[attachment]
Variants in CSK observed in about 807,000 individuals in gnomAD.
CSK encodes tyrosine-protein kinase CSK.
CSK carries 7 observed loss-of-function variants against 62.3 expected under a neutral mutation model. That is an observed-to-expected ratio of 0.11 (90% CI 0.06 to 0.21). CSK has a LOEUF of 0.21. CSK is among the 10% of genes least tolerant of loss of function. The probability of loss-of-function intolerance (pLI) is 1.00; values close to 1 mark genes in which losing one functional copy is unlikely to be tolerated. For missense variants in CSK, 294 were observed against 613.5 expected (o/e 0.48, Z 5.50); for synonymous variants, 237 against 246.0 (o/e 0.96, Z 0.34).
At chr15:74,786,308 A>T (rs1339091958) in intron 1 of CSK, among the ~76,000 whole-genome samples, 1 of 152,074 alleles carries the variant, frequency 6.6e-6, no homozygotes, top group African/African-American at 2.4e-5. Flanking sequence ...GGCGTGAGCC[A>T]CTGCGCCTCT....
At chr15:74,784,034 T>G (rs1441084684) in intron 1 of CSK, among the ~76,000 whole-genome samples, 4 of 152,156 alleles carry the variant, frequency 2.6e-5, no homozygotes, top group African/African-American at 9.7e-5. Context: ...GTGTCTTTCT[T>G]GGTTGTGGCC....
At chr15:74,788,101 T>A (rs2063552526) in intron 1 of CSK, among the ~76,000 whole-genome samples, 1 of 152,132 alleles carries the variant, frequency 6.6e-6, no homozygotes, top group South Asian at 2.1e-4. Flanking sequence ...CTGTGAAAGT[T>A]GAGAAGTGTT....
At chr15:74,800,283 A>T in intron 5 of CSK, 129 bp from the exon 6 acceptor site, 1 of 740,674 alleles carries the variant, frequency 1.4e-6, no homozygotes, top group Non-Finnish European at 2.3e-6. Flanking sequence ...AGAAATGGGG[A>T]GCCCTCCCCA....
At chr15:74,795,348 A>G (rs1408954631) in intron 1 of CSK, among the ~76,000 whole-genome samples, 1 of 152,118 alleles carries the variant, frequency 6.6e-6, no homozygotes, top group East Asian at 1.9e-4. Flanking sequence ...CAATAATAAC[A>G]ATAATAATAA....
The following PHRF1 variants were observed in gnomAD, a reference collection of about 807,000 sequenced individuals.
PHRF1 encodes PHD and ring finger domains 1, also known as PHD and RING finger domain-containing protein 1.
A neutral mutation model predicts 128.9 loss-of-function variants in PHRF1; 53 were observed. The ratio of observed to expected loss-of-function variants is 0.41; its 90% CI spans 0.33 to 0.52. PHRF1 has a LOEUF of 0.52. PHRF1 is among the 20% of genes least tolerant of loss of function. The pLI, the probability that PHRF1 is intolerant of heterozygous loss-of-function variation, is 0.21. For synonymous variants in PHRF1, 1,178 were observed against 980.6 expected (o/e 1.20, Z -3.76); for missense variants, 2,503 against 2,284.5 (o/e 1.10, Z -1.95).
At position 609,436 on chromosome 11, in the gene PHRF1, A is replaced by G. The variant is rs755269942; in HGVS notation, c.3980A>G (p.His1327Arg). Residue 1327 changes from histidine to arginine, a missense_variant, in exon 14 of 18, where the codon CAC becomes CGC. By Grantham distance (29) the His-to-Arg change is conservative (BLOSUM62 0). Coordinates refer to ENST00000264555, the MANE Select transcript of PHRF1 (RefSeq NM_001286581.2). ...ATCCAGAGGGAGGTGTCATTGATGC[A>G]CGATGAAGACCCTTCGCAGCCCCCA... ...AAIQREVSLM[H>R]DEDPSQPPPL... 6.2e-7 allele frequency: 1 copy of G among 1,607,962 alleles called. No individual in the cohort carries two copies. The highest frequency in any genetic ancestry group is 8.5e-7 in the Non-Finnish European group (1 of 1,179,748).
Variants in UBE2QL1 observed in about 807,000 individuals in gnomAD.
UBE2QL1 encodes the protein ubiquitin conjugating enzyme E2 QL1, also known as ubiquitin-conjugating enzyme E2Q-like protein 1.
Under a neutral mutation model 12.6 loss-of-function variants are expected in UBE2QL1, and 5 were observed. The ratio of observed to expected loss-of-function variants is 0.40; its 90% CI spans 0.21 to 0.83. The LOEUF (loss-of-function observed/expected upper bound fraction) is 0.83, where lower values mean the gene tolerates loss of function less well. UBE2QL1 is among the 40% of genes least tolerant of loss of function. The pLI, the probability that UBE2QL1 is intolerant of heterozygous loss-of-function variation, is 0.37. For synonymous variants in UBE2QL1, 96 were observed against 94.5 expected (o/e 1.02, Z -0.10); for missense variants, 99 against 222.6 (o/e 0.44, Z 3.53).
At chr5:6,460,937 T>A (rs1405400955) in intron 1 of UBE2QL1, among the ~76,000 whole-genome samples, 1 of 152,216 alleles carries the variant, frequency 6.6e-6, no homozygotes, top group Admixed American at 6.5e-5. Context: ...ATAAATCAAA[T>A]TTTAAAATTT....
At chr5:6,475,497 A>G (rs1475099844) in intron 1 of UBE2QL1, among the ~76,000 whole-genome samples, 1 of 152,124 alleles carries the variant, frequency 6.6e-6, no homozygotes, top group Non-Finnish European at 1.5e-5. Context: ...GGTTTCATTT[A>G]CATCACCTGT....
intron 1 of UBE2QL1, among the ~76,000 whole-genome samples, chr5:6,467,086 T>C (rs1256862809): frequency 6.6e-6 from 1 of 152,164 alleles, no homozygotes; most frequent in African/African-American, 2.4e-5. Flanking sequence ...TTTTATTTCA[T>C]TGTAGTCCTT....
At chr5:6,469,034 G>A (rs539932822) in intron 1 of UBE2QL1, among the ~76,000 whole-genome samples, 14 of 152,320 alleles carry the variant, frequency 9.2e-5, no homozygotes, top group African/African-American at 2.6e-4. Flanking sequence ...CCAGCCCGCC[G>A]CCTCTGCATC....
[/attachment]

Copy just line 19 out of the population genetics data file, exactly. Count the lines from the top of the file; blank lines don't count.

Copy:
At chr5:6,469,034 G>A (rs539932822) in intron 1 of UBE2QL1, among the ~76,000 whole-genome samples, 14 of 152,320 alleles carry the variant, frequency 9.2e-5, no homozygotes, top group African/African-American at 2.6e-4. Flanking sequence ...CCAGCCCGCC[G>A]CCTCTGCATC....